Cardinal Beaufort

Nlgel Saul | Published in History Today
  • Cardinal Beaufort. A study of Lancastrian ascendancy and decline
    G. L. Harriss - Oxford, Clarendon Press, 1988 - x + 448pp

Henry Beaufort was one of the dominant political figures of his age. For nearly four decades, from the reign of Henry IV to that of Henry VI, he was a leading light on the council and a generous provider of loans to the Crown. His influence was recognised not only by the English political nation but by rulers and princes abroad who sought to direct their dealings with the English court through him. Yet for all his undoubted importance he has never attracted the scholarly attention that he deserves.

There is no multi-volume biography of him as there is of two of the kings whom he served – Henry IV and Henry V – nor even a medium-length biographical study, as there is of his contemporary and rival, Humphrey of Gloucester. In part this is because, for a medieval figure, the materials for a biography in the modern sense are, to say the least, exiguous; but in part too it is because in Beaufort's case so many of his life’s secrets are locked away in the history of his loans, which only a scholar well versed in the intricacies of Echequer finance would be qualified to unravel.

The Oxford medievalist, K. B. McFarlane, made a start on unravelling them in his Magdalen Fellowship dissertation in the 1920s and in a couple of outstanding articles published some twenty years later; but, because he was sceptical of the possibility of medieval biographical history, he shrank from attempting the full-length biography which he was pre-eminently qualified to write. The book that his pupil, G. L. Harriss, has nom given us is very much a political Iife rather than a biography as such. It is a shrewd and penetrating study nonetheless, and one which comes as close to capturing the inwardness of its subject as any study is likely to. It is surely a volume to which McFarlane would have given his approval.

Its underlying theme is the role played by the Beauforts in the story of the rise and fall of the Lancastrian monarchy. In the early chapters attention is focused on the origins of the family as a quasi-royal line, and it is shown how they prospered in the service of their patron, the first Lancastrian king, Henry IV – John and Thomas by gaining elevation to the peerage and Henry, their clerical brother, by being appointed to the wealthy see of Winchester. In the middle and later chapters the spotlight focuses more sharply on the person of Bishop Henry himself. It is shown how he articulated the king's vision of uniting England and France in perpetual peace under a common monarchy, and how after the king's death it became his life's work to sustain that vision diplomatically – just as it became his nephew Bedford's to sustain it militarily. In the end, however, as Harriss shows, it was given to neither to succeed. With the collapse of the English alliance with Burgundy and the gradual recovery of the Dauphin's fortunes, the Lancastrian position in France became increasingly untenable. In the final years of his life Beaufort was condemned to suffer the disappointment of a man whose moment in history had passed.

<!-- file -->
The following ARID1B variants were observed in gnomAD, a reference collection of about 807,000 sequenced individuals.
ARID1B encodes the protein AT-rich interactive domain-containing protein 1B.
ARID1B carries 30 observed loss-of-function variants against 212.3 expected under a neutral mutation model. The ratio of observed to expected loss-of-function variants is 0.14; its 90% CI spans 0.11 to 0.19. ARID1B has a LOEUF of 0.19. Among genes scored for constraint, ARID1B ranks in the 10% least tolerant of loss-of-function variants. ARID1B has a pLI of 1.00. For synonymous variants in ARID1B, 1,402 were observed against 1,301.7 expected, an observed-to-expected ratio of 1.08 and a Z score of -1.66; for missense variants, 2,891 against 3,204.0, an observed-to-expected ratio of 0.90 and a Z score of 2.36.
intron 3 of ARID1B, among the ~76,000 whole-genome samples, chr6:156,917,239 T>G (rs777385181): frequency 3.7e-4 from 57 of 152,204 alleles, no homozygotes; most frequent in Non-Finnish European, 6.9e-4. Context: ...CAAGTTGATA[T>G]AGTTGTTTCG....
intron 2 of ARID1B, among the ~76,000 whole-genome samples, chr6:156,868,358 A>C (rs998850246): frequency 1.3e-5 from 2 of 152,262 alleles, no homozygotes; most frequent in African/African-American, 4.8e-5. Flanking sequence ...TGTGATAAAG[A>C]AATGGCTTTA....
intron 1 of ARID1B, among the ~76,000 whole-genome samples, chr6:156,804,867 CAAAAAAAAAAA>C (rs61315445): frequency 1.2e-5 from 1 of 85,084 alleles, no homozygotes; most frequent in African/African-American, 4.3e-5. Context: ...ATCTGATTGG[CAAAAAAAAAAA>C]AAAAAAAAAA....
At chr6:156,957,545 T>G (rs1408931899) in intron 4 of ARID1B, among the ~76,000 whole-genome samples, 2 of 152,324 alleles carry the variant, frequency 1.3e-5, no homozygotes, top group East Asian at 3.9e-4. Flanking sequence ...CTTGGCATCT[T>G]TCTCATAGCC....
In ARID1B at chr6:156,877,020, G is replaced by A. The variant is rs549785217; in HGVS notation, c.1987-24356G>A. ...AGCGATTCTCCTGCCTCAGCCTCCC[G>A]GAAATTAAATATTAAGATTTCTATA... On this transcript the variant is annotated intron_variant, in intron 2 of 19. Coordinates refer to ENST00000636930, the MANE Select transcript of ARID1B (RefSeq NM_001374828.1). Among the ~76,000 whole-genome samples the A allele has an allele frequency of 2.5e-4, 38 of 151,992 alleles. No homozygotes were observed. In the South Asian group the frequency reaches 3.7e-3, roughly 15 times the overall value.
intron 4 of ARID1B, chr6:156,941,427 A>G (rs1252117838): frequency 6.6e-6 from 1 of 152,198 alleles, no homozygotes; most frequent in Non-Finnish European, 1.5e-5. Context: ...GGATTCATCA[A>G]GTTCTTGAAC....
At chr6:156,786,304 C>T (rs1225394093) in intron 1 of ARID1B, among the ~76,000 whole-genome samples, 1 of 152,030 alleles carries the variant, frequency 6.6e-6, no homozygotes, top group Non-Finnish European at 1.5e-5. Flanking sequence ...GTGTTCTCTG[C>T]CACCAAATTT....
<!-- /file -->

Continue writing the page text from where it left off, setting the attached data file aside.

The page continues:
Allied to the major theme of the Beauforts' involvement in Lancastrian imperialism is the minor one of the cardinal's long-running argument with his nephew and arch-rival Humphrey of Gloucester. If there was a victor to emerge from this unseemly squabble it was probably Beaufort, on points. He had the better political brain; he had the backing of the Regent, Bedford; and above aIl, he had the advantage given to him by his enormous wealth – which, as Harriss shows, he was unhesitant in using as an instrument of political leverage. In 1437, for example, when money was needed to despatch an expedition to France, he lent only on condition that the command was given to his nephew, the Marquess of Dorset. Two years later, when the Exchequer was empty and there was no security for repayment, he made his loan conditional on being allowed to purchase a group of estates temporarily in royal custody which he used partly as endowment for various of his kin. On other occasions he used the leverage given by his wealth to obtain grants of Crown lands – as in 1436, for example, when he procured the grant of the manors of Canford and Poole. If the Beauforts were able to become a major political force during Henry VI's personal rule, it was largely because of their rich uncle's efforts on their behalf in his years of power.

At the end of the book Beaufort emerges as a wholly characteristic medieval magnate – a man with ambitions not only for himself but also for his family: a dynast, that is, as well as a statesman. To an extent this was an outlook conditioned by the circumstances of his birth. Close though he was to the royal family, he could never forget that he was only of the half-blood, and his judgement at times was clouded by recollection of that fact. Occasionally as a result he committed tactical errors – as in 1411, when he is reported to have advocated Henry IV's abdication, and 1417 when he accepted a legateship from the pope against Henry V's wishes. The allegations made by Gloucester of inordinate ambition and readiness to make wealth serve political advantage were thus not entirely without foundation. All the same, in any assessment of his strengths and weaknesses, precedence should be given to his strengths. He was a formidable politician, a polished diplomat and a vigorous defender of the rights of his office and see. ln a word, he was a great man, and Harriss' study affords a measure of his greatness. It is a book which is in many ways a mirror-image of its subject – it is eloquent and persuasive, intelligent and forceful. It deserves to be read by anyone with a serious interest in the period.

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